Parents have a whole host of health concerns to fret about when it comes to their kids, from chicken pox to bad stomach bug most never think to worry that their child could contract an STD.
Mother Amy Stinton, from Portsmouth, never dreamed that her little son Oliver would get herpes after the devastating news she received last week after taking her 14-month-old to the hospital, where doctors told her he'd likely contracted it from contact with a cold sore.
The mother-of-two is warning parents everywhere not to underestimate the risk that their babies could get the virus, too, and be stuck with managing it for their entire lives
Amy shared shocking images of her son's herpes rash on Facebook last week, showing his poor, pudgy legs and feet covered in nasty red sores.
'This is what happens to babies when been in contact with a cold sore. Oliver now has the herpes virus and will have this for life,' she wrote.
Cold sores and saliva transmit herpes type 1, which is different from herpes type 2, which affects the genitals.
Amy guesses that Oliver most likely picked it up after being kissed or nuzzled by a family member or friend with a cold sore, though the teething toddler may also have simply put something in his mouth that came into contact with a cold sore.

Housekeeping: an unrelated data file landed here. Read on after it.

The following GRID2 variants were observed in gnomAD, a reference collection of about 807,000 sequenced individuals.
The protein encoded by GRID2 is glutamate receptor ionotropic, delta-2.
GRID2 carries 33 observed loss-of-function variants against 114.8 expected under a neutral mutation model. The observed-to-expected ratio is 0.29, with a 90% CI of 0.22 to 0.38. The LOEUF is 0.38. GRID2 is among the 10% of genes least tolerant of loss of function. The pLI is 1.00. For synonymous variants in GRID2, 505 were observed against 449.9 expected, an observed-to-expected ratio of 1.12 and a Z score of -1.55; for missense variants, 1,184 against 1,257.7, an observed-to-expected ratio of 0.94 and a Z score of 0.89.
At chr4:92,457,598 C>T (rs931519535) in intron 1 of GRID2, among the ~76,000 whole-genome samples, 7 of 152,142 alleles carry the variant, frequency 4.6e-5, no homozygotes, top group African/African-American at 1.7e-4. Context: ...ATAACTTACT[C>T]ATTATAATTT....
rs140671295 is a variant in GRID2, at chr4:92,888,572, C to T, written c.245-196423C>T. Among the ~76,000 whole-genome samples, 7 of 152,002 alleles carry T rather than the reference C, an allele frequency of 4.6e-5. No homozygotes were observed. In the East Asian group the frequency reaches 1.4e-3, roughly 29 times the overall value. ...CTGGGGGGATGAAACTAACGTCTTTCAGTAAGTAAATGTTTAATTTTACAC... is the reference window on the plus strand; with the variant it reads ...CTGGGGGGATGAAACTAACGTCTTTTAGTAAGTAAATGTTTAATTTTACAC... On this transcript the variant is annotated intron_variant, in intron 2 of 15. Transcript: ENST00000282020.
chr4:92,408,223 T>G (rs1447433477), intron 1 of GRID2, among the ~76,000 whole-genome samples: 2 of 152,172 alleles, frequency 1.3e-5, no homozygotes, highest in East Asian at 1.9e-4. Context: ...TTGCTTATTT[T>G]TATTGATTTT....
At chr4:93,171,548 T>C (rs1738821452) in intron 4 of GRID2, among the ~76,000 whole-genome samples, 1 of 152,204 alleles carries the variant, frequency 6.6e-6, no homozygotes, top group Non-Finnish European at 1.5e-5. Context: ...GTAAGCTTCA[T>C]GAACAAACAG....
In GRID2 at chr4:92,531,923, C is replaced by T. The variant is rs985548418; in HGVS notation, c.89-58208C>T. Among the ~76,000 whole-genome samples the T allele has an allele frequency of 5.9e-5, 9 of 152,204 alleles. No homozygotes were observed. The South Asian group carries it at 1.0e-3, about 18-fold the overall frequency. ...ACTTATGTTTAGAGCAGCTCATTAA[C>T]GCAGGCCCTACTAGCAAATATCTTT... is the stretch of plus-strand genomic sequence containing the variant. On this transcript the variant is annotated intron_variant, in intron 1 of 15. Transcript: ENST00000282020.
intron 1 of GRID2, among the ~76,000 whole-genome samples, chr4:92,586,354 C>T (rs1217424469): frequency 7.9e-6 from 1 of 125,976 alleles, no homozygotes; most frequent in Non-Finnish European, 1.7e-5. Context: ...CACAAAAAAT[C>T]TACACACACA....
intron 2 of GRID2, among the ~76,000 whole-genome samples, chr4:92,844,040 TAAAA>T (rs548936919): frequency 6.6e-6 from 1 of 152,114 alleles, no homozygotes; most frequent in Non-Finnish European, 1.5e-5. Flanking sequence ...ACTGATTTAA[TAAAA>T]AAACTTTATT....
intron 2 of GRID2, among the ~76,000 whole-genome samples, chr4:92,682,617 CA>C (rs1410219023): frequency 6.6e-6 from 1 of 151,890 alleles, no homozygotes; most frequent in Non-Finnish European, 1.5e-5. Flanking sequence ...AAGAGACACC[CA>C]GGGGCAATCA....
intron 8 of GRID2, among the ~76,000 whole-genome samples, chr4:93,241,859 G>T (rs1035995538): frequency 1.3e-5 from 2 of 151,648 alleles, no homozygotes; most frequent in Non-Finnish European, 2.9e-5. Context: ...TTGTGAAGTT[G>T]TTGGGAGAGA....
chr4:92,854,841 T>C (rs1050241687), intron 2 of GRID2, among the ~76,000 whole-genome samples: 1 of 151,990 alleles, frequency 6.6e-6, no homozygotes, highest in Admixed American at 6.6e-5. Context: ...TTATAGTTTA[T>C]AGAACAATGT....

'It's such a simple thing — you see a baby, you think, "Oh, they're cute, I'll give them a kiss" — it's a socially acceptable thing to do. But it shouldn't be done,' she told Daily Mail Online. 'People should be aware of the dangers.'
She and her husband took the baby to the doctor, who gave him some steroid cream. But by the next morning, the rash was even worse, and the doctor ordered him straight to the hospital.
Doctors indicated that the virus had likely been in his system for months, but had only just started to flare up, 'attacking his system'.
'It's more dangerous in very young children,' Amy explained. 'The scariest part was that we went to our [doctor] [that] Tuesday and were sent straight to the hospital, but we were told if we'd left it to Wednesday morning, he'd have been in intensive care. It would've attacked his vital organs.'
Luckily, Oliver is now doing a bit better, and his symptoms are 'manageable at the moment'. Amy said the doctors put him on antibiotics, antiviral drugs, and steroid creams, and they will just have to be vigilant about managing potential cold sores from now on.
'It's frustrating that it's completely out of our control and he's going to have to deal with this for the rest of his life,' she said.
She hopes that people will learn from her story, and be extra cautious around babies during cold sore flare-ups.